Dmitry Babakhin
Dmitry Babakhin

THE PACIFIC OCEAN COVERS ONE-THIRD of the planet and washes the shores of numerous island chains, including Polynesia which literally means “many islands.” Roughly speaking, the geographical area of Polynesia forms a nearly perfect triangle defined by Hawaii at the northern tip supported by its two bases: New Zealand at the western edge and Easter Island at the eastern boundary.

When the first Europeans arrived on the beaches of Polynesia in the late 16th century, the islands were home to some 500,000 people. The Polynesians told stories about the descent of chiefs from gods, voyages of ancestral heroes, and myths of creation, not to mention the spiritual origins of tattooing.

By the early 18th century, European visitors to Polynesia began receiving tattoos as souvenirs from distant lands, or even after having been adopted by particular tribes. The naturalist Joseph Banks, who traveled with Captain Cook on his first voyage to the South Pacific, provided perhaps the earliest (1769) account of a Tahitian tattooing session. More importantly, he also recorded the local term for the custom (tatau or tattow), a word that has been borrowed countless times to describe this contemporary art form.



Ever since Banks set foot on Tahiti, members of numerous sailing expeditions to the South Seas began bringing back various forms of Polynesian tattooing to the West. Over time, these tribal styles of tattooing were copied, exchanged, and eventually transformed into new forms of tattooing. But the true beauty, power, and expression of Polynesian tattoo is rooted in its traditional iconography, because these bold blackwork motifs are believed to be embodied with a supernatural force called mana – a sacred impersonal force existing in the universe.

One talented Russian artist, originally a seafarer by trade, who has been captivated by the aesthetics of Polynesian tattooing since he first set sail on the High Seas is St. Petersburg-based Dmitry Babakhin. Babakhin, who also organizes an international tattoo convention in his home city, rarely works outside of the Polynesian style, and he tells me that he received his first tattoo at age 14. “That year, me and my friends got our hands on some foreign tattoo and rock magazines. I saw this very cool tribal tattoo done by Leo Zulueta, and I loved it! So my friend inked it, but I was not very pleased with the results. After seeing how he did it, I started experimenting and eventually I made my first machine a few years later from a cassette player and guitar string. That’s when I began tattooing – tattooing clients onboard ship when I was a sailor. In 2000, I began tattooing professionally in an old-school studio and never looked back.”



Obviously, St. Petersburg is a world away from Polynesia. But it is home to the Hermitage and Kunstkamera, two incredible museums that house large collections of Polynesian artifacts that have contributed to Babakhin’s interest. In the 19th century, it was also home to the swashbuckling Russian explorer, scientist, and writer Nicholas Miklouho-Maclay who traveled across Polynesia, Micronesia, and Papua New Guinea, documenting Indigenous tattooing traditions never seen before in Europe. Babakhin also draws inspiration from his personal collection of Polynesian objects, photographs and rare books, most of which he acquires from art and antique dealers in Europe.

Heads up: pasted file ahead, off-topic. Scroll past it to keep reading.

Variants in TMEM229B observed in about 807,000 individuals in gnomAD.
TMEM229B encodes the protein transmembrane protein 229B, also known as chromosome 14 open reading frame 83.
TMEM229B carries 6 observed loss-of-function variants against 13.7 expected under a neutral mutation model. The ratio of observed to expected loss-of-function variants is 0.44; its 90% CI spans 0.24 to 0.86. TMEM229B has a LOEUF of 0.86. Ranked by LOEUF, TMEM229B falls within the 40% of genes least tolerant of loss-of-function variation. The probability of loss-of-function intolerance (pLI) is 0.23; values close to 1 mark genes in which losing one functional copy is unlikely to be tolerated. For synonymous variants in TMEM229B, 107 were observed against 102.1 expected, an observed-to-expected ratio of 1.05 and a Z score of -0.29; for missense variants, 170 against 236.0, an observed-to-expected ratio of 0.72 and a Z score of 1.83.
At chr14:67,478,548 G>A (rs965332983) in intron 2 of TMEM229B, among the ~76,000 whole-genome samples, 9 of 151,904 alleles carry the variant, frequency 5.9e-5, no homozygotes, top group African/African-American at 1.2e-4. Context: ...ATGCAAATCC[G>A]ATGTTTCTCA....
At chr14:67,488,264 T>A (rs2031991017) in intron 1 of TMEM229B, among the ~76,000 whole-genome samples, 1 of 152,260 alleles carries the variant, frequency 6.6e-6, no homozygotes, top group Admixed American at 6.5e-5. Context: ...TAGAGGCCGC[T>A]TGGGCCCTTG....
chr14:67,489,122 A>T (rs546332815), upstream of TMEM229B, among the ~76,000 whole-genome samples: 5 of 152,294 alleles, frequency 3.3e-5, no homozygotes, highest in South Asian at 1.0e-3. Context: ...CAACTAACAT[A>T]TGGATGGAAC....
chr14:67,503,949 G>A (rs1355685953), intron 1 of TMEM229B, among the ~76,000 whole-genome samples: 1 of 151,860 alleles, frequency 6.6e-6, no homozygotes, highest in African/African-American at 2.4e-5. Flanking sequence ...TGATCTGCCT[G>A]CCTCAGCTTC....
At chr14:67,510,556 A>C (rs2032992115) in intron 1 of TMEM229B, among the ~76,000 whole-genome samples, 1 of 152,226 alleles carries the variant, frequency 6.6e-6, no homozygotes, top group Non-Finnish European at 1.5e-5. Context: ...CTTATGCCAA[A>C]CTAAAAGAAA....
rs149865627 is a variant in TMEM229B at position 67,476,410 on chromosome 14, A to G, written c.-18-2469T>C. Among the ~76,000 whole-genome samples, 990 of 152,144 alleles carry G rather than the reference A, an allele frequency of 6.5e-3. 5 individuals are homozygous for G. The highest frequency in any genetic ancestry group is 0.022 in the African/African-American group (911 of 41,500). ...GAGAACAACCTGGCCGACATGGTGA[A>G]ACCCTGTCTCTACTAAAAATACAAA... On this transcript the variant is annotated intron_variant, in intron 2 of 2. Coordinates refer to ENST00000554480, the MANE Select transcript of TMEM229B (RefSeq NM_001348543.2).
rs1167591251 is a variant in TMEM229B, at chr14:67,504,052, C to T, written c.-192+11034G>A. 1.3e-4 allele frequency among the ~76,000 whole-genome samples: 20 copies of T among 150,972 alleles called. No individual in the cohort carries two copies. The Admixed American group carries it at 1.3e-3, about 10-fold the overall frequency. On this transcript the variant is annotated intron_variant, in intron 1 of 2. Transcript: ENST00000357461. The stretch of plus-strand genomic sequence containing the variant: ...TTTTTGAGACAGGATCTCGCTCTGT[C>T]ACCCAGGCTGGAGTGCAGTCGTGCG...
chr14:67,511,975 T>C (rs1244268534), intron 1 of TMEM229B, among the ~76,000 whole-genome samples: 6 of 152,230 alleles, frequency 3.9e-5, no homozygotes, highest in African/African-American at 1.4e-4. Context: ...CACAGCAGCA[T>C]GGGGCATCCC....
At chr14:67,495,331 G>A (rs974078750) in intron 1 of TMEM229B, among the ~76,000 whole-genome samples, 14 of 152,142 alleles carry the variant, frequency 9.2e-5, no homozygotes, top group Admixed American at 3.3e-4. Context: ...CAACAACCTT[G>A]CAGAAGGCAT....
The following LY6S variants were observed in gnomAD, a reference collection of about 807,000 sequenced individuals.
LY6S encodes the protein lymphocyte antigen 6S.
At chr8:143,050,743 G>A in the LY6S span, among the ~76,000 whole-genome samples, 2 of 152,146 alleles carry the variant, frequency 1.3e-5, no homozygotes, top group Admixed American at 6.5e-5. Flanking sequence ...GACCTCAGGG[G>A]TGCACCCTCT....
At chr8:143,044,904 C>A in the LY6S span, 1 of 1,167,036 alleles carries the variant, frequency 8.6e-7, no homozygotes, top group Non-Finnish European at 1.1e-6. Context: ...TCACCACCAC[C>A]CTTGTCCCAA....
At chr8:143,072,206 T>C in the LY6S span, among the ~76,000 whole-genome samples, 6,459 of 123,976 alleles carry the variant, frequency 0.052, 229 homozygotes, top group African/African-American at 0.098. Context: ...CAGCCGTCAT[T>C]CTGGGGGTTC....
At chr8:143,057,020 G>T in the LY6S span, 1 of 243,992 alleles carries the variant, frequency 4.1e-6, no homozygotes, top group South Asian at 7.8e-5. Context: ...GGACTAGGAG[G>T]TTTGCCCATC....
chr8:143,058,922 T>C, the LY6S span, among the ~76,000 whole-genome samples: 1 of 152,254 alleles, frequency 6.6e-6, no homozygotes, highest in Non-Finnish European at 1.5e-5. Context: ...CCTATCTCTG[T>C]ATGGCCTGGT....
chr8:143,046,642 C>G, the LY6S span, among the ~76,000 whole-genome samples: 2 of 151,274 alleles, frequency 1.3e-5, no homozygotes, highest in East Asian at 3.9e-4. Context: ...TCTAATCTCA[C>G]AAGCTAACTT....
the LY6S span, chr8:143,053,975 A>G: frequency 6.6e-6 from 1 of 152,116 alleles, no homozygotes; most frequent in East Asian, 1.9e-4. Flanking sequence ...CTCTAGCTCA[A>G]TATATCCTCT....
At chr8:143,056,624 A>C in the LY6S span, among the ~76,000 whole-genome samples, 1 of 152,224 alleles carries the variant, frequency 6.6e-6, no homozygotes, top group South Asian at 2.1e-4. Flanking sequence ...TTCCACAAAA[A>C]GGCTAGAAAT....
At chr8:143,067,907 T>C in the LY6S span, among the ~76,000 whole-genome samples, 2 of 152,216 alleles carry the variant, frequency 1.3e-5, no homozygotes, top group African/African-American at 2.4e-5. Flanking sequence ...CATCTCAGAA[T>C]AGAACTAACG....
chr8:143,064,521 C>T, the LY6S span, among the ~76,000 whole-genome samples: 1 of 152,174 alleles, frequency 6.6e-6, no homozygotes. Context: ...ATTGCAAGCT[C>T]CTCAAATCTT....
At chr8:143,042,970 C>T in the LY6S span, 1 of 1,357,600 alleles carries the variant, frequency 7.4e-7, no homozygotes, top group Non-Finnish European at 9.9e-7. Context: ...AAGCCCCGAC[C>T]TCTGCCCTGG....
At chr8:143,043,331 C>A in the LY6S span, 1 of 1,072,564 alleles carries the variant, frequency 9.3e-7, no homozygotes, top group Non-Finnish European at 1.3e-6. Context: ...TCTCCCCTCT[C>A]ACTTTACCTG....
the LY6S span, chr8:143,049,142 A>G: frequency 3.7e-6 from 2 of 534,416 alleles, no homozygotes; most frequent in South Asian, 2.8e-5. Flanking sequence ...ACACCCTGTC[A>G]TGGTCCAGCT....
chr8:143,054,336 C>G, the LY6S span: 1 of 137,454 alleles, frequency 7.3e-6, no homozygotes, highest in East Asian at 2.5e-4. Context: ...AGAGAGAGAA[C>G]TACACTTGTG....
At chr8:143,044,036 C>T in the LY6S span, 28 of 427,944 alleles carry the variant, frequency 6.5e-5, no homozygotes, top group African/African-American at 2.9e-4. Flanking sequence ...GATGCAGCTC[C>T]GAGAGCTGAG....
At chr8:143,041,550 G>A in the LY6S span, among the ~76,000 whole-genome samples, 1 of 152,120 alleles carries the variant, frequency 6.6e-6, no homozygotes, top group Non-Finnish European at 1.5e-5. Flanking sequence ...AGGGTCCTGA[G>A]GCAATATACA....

I asked Babakhin if tribal tattoo is popular in Russia. “It’s not extremely popular yet and mostly consists of a small, elite clientele. More or less, it’s a subculture, but people are drawn to the cultural and spiritual roots of the tradition. Obviously, people around the world are aware of our criminal tattoo culture here in Russia because it is part of our tattoo history, and most Russian tattoo artists working today create realistic works in black and grey. But Polynesian tattooing is bold, black, geometric, and abstract, so this sets me apart.”



Babakhin also travels widely around Europe tattooing international clients at conventions, especially those that attract many tribal tattooists (London, Milan, Frankfurt, Paris, Berlin, Florence), and guest spotting at shops that promote traditional tattoo styles and techniques. “In the last year, I did guest spots with my Skin & Bone tattoo family in Copenhagen (Denmark), Seven Seas Tatau in Ymuiden (Netherlands), and with the Voodoo Croo family in Erding (Germany). These are great places to exchange ideas, develop new techniques and patterns, and find inspiration from some of the best tribal tattoo artists in the world.”

Although Babakhin does not create his customized tattoos through the traditional Polynesian hand-tapping technique, his artistry is high acclaimed and in 2013 his colleagues voted him Artist of the Year for the Polynesian Tattoo Awards. Babakhin’s expertise stems not only from his technical abilities but also from knowing how to read bodily contours and accentuate them with artistically rendered blackwork patterns. For Babakhin, anything is possible, and his creative scope is seemingly unlimited.


Babakhin’s tribally infused works convey the endless possibilities of tattoo art that can be created with Polynesian blackwork, and these complex, eye-popping patterns ignite the visual senses in profound ways.


For more information on the artist, please visit his website and studio.


St. Petersburg, Fontanka 38, Russia